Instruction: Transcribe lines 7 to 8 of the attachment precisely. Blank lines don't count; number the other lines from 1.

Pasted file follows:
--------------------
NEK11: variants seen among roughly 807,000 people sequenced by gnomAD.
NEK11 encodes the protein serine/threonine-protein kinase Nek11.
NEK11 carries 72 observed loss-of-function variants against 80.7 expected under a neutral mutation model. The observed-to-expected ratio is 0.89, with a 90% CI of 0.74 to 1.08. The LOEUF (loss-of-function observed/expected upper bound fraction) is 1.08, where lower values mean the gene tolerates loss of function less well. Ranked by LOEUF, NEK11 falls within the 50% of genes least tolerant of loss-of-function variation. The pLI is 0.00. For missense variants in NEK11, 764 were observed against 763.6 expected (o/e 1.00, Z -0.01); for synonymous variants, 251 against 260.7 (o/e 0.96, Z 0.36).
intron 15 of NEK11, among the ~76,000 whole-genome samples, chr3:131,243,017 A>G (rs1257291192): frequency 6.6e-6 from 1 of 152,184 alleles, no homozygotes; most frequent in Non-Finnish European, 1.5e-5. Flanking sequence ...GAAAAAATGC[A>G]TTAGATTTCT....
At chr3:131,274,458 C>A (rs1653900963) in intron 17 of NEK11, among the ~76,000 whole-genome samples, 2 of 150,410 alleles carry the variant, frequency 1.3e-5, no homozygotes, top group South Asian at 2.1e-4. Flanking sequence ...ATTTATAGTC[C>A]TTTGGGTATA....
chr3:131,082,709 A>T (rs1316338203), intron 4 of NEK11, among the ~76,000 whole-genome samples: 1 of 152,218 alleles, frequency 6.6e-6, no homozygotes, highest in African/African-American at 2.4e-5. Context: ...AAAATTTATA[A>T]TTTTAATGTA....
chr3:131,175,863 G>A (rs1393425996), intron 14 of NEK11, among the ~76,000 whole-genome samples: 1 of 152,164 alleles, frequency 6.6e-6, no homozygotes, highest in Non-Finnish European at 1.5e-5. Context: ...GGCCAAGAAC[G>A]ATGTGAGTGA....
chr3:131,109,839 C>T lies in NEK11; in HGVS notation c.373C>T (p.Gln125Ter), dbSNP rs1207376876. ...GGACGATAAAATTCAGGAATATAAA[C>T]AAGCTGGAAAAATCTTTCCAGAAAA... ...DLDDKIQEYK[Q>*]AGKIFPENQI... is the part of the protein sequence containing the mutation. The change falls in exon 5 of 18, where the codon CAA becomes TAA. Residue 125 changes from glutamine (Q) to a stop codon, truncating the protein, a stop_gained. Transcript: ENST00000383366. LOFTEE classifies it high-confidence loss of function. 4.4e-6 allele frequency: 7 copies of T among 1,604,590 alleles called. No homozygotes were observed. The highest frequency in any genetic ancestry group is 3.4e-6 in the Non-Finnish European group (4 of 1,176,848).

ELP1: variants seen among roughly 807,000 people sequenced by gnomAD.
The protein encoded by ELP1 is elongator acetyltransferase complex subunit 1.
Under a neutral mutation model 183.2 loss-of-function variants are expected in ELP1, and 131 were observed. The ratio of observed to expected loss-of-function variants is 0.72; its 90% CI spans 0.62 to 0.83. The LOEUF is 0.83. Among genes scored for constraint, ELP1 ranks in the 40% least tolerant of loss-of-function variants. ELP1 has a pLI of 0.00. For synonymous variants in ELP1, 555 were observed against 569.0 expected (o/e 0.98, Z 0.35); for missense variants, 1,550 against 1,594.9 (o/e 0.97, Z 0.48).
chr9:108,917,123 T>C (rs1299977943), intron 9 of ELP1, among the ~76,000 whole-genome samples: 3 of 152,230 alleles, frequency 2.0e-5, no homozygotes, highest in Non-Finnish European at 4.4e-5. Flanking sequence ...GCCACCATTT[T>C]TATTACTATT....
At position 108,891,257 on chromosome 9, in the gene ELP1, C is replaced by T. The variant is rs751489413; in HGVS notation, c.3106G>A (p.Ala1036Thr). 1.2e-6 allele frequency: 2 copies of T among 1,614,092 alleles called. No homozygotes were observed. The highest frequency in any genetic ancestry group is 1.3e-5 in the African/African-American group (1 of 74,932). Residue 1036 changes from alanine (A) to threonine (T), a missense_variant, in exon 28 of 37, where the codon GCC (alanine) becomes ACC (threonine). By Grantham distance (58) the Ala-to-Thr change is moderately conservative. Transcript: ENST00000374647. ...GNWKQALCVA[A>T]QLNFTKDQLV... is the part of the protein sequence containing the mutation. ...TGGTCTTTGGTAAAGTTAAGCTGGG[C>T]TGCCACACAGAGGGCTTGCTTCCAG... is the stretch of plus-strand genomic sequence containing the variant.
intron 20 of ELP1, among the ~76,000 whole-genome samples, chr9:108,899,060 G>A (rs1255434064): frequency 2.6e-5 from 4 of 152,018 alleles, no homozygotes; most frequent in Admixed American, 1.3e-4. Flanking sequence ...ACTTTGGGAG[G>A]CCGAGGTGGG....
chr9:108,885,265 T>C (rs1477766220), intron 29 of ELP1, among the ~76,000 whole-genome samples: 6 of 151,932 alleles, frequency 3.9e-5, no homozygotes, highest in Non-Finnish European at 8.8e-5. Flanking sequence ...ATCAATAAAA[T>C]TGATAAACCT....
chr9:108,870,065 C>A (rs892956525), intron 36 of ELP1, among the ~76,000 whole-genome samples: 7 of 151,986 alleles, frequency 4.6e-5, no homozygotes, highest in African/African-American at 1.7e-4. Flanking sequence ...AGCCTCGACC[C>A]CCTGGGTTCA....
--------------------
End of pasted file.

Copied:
chr3:131,175,863 G>A (rs1393425996), intron 14 of NEK11, among the ~76,000 whole-genome samples: 1 of 152,164 alleles, frequency 6.6e-6, no homozygotes, highest in Non-Finnish European at 1.5e-5. Context: ...GGCCAAGAAC[G>A]ATGTGAGTGA....
chr3:131,109,839 C>T lies in NEK11; in HGVS notation c.373C>T (p.Gln125Ter), dbSNP rs1207376876. ...GGACGATAAAATTCAGGAATATAAA[C>T]AAGCTGGAAAAATCTTTCCAGAAAA... ...DLDDKIQEYK[Q>*]AGKIFPENQI... is the part of the protein sequence containing the mutation. The change falls in exon 5 of 18, where the codon CAA becomes TAA. Residue 125 changes from glutamine (Q) to a stop codon, truncating the protein, a stop_gained. Transcript: ENST00000383366. LOFTEE classifies it high-confidence loss of function. 4.4e-6 allele frequency: 7 copies of T among 1,604,590 alleles called. No homozygotes were observed. The highest frequency in any genetic ancestry group is 3.4e-6 in the Non-Finnish European group (4 of 1,176,848).